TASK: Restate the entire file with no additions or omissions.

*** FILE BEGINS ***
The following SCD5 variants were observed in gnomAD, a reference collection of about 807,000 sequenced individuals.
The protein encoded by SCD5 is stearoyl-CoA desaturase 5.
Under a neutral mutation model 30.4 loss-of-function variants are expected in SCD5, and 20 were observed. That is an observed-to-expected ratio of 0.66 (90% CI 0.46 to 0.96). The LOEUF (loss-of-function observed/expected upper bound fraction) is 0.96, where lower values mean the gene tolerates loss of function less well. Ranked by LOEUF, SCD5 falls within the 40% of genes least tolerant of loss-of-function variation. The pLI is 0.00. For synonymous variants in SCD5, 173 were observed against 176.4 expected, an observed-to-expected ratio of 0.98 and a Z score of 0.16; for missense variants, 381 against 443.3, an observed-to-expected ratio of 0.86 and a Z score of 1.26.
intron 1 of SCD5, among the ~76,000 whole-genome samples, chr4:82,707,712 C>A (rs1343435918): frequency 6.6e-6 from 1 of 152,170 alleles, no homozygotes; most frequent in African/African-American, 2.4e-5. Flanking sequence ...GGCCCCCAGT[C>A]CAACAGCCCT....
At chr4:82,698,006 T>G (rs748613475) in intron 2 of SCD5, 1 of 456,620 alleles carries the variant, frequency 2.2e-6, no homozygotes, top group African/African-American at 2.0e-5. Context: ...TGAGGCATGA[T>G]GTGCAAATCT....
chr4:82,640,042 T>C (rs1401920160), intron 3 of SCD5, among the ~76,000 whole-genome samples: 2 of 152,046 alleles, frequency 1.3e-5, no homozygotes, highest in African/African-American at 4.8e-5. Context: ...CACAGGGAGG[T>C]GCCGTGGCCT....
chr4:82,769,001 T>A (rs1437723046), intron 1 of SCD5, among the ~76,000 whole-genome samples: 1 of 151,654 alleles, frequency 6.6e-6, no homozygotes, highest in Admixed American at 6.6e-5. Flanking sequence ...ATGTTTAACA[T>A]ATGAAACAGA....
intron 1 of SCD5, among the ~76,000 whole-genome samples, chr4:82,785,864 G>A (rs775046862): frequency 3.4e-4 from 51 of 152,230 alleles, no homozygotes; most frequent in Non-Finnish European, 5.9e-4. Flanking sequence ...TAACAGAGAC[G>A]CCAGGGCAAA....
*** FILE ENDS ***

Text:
The following SCD5 variants were observed in gnomAD, a reference collection of about 807,000 sequenced individuals.
The protein encoded by SCD5 is stearoyl-CoA desaturase 5.
Under a neutral mutation model 30.4 loss-of-function variants are expected in SCD5, and 20 were observed. That is an observed-to-expected ratio of 0.66 (90% CI 0.46 to 0.96). The LOEUF (loss-of-function observed/expected upper bound fraction) is 0.96, where lower values mean the gene tolerates loss of function less well. Ranked by LOEUF, SCD5 falls within the 40% of genes least tolerant of loss-of-function variation. The pLI is 0.00. For synonymous variants in SCD5, 173 were observed against 176.4 expected, an observed-to-expected ratio of 0.98 and a Z score of 0.16; for missense variants, 381 against 443.3, an observed-to-expected ratio of 0.86 and a Z score of 1.26.
intron 1 of SCD5, among the ~76,000 whole-genome samples, chr4:82,707,712 C>A (rs1343435918): frequency 6.6e-6 from 1 of 152,170 alleles, no homozygotes; most frequent in African/African-American, 2.4e-5. Flanking sequence ...GGCCCCCAGT[C>A]CAACAGCCCT....
At chr4:82,698,006 T>G (rs748613475) in intron 2 of SCD5, 1 of 456,620 alleles carries the variant, frequency 2.2e-6, no homozygotes, top group African/African-American at 2.0e-5. Context: ...TGAGGCATGA[T>G]GTGCAAATCT....
chr4:82,640,042 T>C (rs1401920160), intron 3 of SCD5, among the ~76,000 whole-genome samples: 2 of 152,046 alleles, frequency 1.3e-5, no homozygotes, highest in African/African-American at 4.8e-5. Context: ...CACAGGGAGG[T>C]GCCGTGGCCT....
chr4:82,769,001 T>A (rs1437723046), intron 1 of SCD5, among the ~76,000 whole-genome samples: 1 of 151,654 alleles, frequency 6.6e-6, no homozygotes, highest in Admixed American at 6.6e-5. Flanking sequence ...ATGTTTAACA[T>A]ATGAAACAGA....
intron 1 of SCD5, among the ~76,000 whole-genome samples, chr4:82,785,864 G>A (rs775046862): frequency 3.4e-4 from 51 of 152,230 alleles, no homozygotes; most frequent in Non-Finnish European, 5.9e-4. Flanking sequence ...TAACAGAGAC[G>A]CCAGGGCAAA....